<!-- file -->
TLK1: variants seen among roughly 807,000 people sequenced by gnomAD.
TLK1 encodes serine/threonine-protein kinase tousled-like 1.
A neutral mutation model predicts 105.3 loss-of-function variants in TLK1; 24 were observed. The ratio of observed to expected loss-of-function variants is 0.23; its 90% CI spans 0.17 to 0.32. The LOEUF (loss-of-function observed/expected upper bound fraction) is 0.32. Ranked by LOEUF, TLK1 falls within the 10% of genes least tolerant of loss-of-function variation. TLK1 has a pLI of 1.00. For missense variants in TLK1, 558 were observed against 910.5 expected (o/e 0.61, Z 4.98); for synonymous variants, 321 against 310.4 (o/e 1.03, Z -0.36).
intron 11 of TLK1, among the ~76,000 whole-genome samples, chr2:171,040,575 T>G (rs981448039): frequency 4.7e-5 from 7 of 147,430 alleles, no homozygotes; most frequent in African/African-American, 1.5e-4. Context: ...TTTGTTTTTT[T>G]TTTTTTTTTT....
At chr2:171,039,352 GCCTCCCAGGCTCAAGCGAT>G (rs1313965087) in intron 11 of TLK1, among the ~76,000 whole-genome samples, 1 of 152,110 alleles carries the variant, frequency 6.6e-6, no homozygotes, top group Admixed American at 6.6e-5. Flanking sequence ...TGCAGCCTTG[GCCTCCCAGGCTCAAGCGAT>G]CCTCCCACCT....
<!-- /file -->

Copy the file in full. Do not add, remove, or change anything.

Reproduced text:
TLK1: variants seen among roughly 807,000 people sequenced by gnomAD.
TLK1 encodes serine/threonine-protein kinase tousled-like 1.
A neutral mutation model predicts 105.3 loss-of-function variants in TLK1; 24 were observed. The ratio of observed to expected loss-of-function variants is 0.23; its 90% CI spans 0.17 to 0.32. The LOEUF (loss-of-function observed/expected upper bound fraction) is 0.32. Ranked by LOEUF, TLK1 falls within the 10% of genes least tolerant of loss-of-function variation. TLK1 has a pLI of 1.00. For missense variants in TLK1, 558 were observed against 910.5 expected (o/e 0.61, Z 4.98); for synonymous variants, 321 against 310.4 (o/e 1.03, Z -0.36).
intron 11 of TLK1, among the ~76,000 whole-genome samples, chr2:171,040,575 T>G (rs981448039): frequency 4.7e-5 from 7 of 147,430 alleles, no homozygotes; most frequent in African/African-American, 1.5e-4. Context: ...TTTGTTTTTT[T>G]TTTTTTTTTT....
At chr2:171,039,352 GCCTCCCAGGCTCAAGCGAT>G (rs1313965087) in intron 11 of TLK1, among the ~76,000 whole-genome samples, 1 of 152,110 alleles carries the variant, frequency 6.6e-6, no homozygotes, top group Admixed American at 6.6e-5. Flanking sequence ...TGCAGCCTTG[GCCTCCCAGGCTCAAGCGAT>G]CCTCCCACCT....